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Retirement financial planning takes sacrifice, saving now

WLUK file image.

GREEN BAY (WLUK) -- Generation X is caught in the middle between baby boomers and millennials. In preparing for retirement, that puts them in the position to learn from the boomers’ mistakes in not saving enough, and the millennials burden of higher college debt.

Brent Weycker is a Generation Xer. He's 46. He started his own business in his mid-20s at a time when the average Generation Xer began putting money aside for retirement.

“You know I started a business so unfortunately my early money and capital went to the business and getting it going,” said Weycker. “So some of the years when you really should be saving a lot I didn't have money to save.”

But Weycker had saved enough early on to start that business. And he encouraged others to save, including his employees at Titletown Brewing Company. Those employees typically are college students with that first job.

“It was really hard to push people to save,” said Weycker of his young employees.

Weycker even offered his employees a way to save -- a 401(k) plan at work with a matching dollar incentive. But the idea of saving for retirement 40 years away got overshadowed. Very few of his employees contributed to the plan, and it was dropped.

“America, we're not good at saving and I see it amongst my staff at work,” said Weycker. “You know it's hard to put that money aside and put it away and kind of use self-discipline to save. It's hard.”

Financial analysts recommend saving 10 to 15 percent of your paycheck. Savings, social security, a pension if you've got one, will all contribute to your retirement wages, which should equal 70-80 percent of your pre-retirement wages.

But savings will likely make up the biggest portion.

Economists and financial experts recommend at the low end you'll need at a minimum of $1 million in savings. And likely more.

“You might be looking at a Gen Xer who might need to save more like $1.5 million to $1.6 million,” said Marc Schaffer, an assistant professor of economics at St. Norbert College.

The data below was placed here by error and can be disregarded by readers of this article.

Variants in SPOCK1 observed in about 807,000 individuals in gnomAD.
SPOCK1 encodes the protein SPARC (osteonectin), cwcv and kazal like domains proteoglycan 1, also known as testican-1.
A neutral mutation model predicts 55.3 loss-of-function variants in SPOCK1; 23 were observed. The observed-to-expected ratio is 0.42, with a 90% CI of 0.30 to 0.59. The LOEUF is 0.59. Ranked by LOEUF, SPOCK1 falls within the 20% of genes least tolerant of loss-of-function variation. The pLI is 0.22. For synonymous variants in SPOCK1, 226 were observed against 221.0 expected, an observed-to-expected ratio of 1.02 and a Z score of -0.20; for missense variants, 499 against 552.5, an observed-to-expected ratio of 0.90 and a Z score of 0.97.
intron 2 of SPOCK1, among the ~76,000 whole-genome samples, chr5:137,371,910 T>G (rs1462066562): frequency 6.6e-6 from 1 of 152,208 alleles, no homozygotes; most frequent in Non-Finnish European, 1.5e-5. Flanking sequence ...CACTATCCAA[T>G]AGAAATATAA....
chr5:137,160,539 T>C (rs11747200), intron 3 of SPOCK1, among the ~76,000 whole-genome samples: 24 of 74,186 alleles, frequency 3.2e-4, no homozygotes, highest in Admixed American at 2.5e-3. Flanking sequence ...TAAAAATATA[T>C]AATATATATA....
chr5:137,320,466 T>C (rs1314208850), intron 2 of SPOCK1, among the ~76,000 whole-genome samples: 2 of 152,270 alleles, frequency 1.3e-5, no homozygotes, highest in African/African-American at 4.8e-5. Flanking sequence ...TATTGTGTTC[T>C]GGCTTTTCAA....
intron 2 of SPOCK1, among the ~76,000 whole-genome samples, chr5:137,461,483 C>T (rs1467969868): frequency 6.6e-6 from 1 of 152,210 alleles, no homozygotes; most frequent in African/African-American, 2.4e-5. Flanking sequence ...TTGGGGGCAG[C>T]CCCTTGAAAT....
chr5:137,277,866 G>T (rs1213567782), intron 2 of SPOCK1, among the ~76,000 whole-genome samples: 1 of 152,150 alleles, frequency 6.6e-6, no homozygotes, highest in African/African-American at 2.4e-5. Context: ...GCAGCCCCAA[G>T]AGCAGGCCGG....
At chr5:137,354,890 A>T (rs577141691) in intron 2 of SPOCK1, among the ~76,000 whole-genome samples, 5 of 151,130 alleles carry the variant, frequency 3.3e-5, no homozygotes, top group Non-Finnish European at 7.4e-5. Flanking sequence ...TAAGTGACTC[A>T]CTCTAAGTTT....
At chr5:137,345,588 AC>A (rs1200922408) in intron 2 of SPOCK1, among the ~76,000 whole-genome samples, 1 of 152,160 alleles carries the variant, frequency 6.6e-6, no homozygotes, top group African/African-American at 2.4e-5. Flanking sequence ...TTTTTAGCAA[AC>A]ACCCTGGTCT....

“When you hear those numbers they become so big, they're so daunting thinking about personal situations, they're just like I can't even imagine saving that much. I think it's somewhat defeating for a lot of people,” said Schaffer.

Schaffer says Generation Xers came into the 401(k) system after it was a little more established, making them a little more prepared.

“I think each generation has gotten a little, progressively, better because they’re starting to learn from the previous generations,” said Schaffer.

A change in a federal rule could make it more difficult for some trying to save for retirement.

On May 17, President Donald Trump signed a resolution ending a regulation dating to the President Barack Obama era that encouraged states to set up retirement plans. It was for the tens of millions of people who don’t have access to a retirement plan through their work. Several states have been pushing to create their own plans.

AARP supports greater access to retirement plans to help insure retirees don't come up short.

“That puts less pressure on the state of Wisconsin and the federal government to have to provide that gap,” said Jim Flaherty, a spokesman for AARP in Wisconsin.

Many of the companies that don't offer retirement plans employ younger, lower wage earners, not focused on retirement, like some employees at Titletown Brewing.

“I'm a little more worried about some of the younger generation, that don't save because saving is important,” said Weycker. “You've got to be frugal. It's hard. It's disciplined but ultimately it pays off.”

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